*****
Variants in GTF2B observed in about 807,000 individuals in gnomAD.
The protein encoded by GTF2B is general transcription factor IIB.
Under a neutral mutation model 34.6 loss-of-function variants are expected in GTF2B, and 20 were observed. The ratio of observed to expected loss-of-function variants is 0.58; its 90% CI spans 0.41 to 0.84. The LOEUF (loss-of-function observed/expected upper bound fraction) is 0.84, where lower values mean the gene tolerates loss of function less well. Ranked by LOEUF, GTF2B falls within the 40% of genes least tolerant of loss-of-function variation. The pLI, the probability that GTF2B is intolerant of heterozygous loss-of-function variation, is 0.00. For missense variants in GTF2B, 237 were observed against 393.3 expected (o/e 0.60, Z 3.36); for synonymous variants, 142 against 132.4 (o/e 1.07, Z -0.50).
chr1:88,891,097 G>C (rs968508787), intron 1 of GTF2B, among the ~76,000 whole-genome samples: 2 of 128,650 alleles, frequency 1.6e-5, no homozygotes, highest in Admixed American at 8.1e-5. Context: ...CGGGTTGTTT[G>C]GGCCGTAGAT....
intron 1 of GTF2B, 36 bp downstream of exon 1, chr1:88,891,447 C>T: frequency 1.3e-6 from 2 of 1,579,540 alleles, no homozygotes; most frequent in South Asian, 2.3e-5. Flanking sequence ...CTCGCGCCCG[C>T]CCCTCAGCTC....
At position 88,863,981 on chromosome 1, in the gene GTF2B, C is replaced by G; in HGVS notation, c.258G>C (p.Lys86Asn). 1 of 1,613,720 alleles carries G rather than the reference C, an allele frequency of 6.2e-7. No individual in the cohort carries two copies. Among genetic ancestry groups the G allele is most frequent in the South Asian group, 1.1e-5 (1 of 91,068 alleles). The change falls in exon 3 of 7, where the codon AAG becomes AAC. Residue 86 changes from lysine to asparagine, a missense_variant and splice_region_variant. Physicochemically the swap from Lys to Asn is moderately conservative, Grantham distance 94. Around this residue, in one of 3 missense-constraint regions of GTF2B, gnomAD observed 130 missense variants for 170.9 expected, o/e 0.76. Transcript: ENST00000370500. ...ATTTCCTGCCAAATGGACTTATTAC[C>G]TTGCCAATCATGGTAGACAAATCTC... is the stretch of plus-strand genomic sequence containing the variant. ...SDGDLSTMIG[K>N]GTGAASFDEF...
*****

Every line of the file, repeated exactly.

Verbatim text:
Variants in GTF2B observed in about 807,000 individuals in gnomAD.
The protein encoded by GTF2B is general transcription factor IIB.
Under a neutral mutation model 34.6 loss-of-function variants are expected in GTF2B, and 20 were observed. The ratio of observed to expected loss-of-function variants is 0.58; its 90% CI spans 0.41 to 0.84. The LOEUF (loss-of-function observed/expected upper bound fraction) is 0.84, where lower values mean the gene tolerates loss of function less well. Ranked by LOEUF, GTF2B falls within the 40% of genes least tolerant of loss-of-function variation. The pLI, the probability that GTF2B is intolerant of heterozygous loss-of-function variation, is 0.00. For missense variants in GTF2B, 237 were observed against 393.3 expected (o/e 0.60, Z 3.36); for synonymous variants, 142 against 132.4 (o/e 1.07, Z -0.50).
chr1:88,891,097 G>C (rs968508787), intron 1 of GTF2B, among the ~76,000 whole-genome samples: 2 of 128,650 alleles, frequency 1.6e-5, no homozygotes, highest in Admixed American at 8.1e-5. Context: ...CGGGTTGTTT[G>C]GGCCGTAGAT....
intron 1 of GTF2B, 36 bp downstream of exon 1, chr1:88,891,447 C>T: frequency 1.3e-6 from 2 of 1,579,540 alleles, no homozygotes; most frequent in South Asian, 2.3e-5. Flanking sequence ...CTCGCGCCCG[C>T]CCCTCAGCTC....
At position 88,863,981 on chromosome 1, in the gene GTF2B, C is replaced by G; in HGVS notation, c.258G>C (p.Lys86Asn). 1 of 1,613,720 alleles carries G rather than the reference C, an allele frequency of 6.2e-7. No individual in the cohort carries two copies. Among genetic ancestry groups the G allele is most frequent in the South Asian group, 1.1e-5 (1 of 91,068 alleles). The change falls in exon 3 of 7, where the codon AAG becomes AAC. Residue 86 changes from lysine to asparagine, a missense_variant and splice_region_variant. Physicochemically the swap from Lys to Asn is moderately conservative, Grantham distance 94. Around this residue, in one of 3 missense-constraint regions of GTF2B, gnomAD observed 130 missense variants for 170.9 expected, o/e 0.76. Transcript: ENST00000370500. ...ATTTCCTGCCAAATGGACTTATTAC[C>G]TTGCCAATCATGGTAGACAAATCTC... is the stretch of plus-strand genomic sequence containing the variant. ...SDGDLSTMIG[K>N]GTGAASFDEF...